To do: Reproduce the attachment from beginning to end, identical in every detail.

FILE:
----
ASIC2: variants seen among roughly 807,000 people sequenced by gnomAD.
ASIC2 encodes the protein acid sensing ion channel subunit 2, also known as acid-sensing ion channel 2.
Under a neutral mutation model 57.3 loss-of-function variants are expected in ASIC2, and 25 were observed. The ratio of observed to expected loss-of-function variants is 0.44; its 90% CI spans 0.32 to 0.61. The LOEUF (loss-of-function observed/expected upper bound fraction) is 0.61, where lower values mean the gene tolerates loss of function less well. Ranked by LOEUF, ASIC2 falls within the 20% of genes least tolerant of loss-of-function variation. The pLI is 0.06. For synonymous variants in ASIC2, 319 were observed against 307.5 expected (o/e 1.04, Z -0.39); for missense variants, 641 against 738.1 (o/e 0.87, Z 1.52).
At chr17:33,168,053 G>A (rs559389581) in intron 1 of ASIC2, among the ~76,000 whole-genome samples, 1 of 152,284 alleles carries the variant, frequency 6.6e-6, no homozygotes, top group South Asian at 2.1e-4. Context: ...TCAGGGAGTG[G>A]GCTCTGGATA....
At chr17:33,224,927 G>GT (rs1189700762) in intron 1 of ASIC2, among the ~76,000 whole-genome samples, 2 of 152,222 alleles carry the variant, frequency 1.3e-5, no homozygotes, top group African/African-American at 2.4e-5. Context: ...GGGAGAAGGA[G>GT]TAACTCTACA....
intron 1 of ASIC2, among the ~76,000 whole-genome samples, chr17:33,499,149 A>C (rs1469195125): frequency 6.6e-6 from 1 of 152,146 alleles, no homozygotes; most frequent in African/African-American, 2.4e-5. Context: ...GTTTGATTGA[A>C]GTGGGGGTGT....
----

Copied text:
ASIC2: variants seen among roughly 807,000 people sequenced by gnomAD.
ASIC2 encodes the protein acid sensing ion channel subunit 2, also known as acid-sensing ion channel 2.
Under a neutral mutation model 57.3 loss-of-function variants are expected in ASIC2, and 25 were observed. The ratio of observed to expected loss-of-function variants is 0.44; its 90% CI spans 0.32 to 0.61. The LOEUF (loss-of-function observed/expected upper bound fraction) is 0.61, where lower values mean the gene tolerates loss of function less well. Ranked by LOEUF, ASIC2 falls within the 20% of genes least tolerant of loss-of-function variation. The pLI is 0.06. For synonymous variants in ASIC2, 319 were observed against 307.5 expected (o/e 1.04, Z -0.39); for missense variants, 641 against 738.1 (o/e 0.87, Z 1.52).
At chr17:33,168,053 G>A (rs559389581) in intron 1 of ASIC2, among the ~76,000 whole-genome samples, 1 of 152,284 alleles carries the variant, frequency 6.6e-6, no homozygotes, top group South Asian at 2.1e-4. Context: ...TCAGGGAGTG[G>A]GCTCTGGATA....
At chr17:33,224,927 G>GT (rs1189700762) in intron 1 of ASIC2, among the ~76,000 whole-genome samples, 2 of 152,222 alleles carry the variant, frequency 1.3e-5, no homozygotes, top group African/African-American at 2.4e-5. Context: ...GGGAGAAGGA[G>GT]TAACTCTACA....
intron 1 of ASIC2, among the ~76,000 whole-genome samples, chr17:33,499,149 A>C (rs1469195125): frequency 6.6e-6 from 1 of 152,146 alleles, no homozygotes; most frequent in African/African-American, 2.4e-5. Context: ...GTTTGATTGA[A>C]GTGGGGGTGT....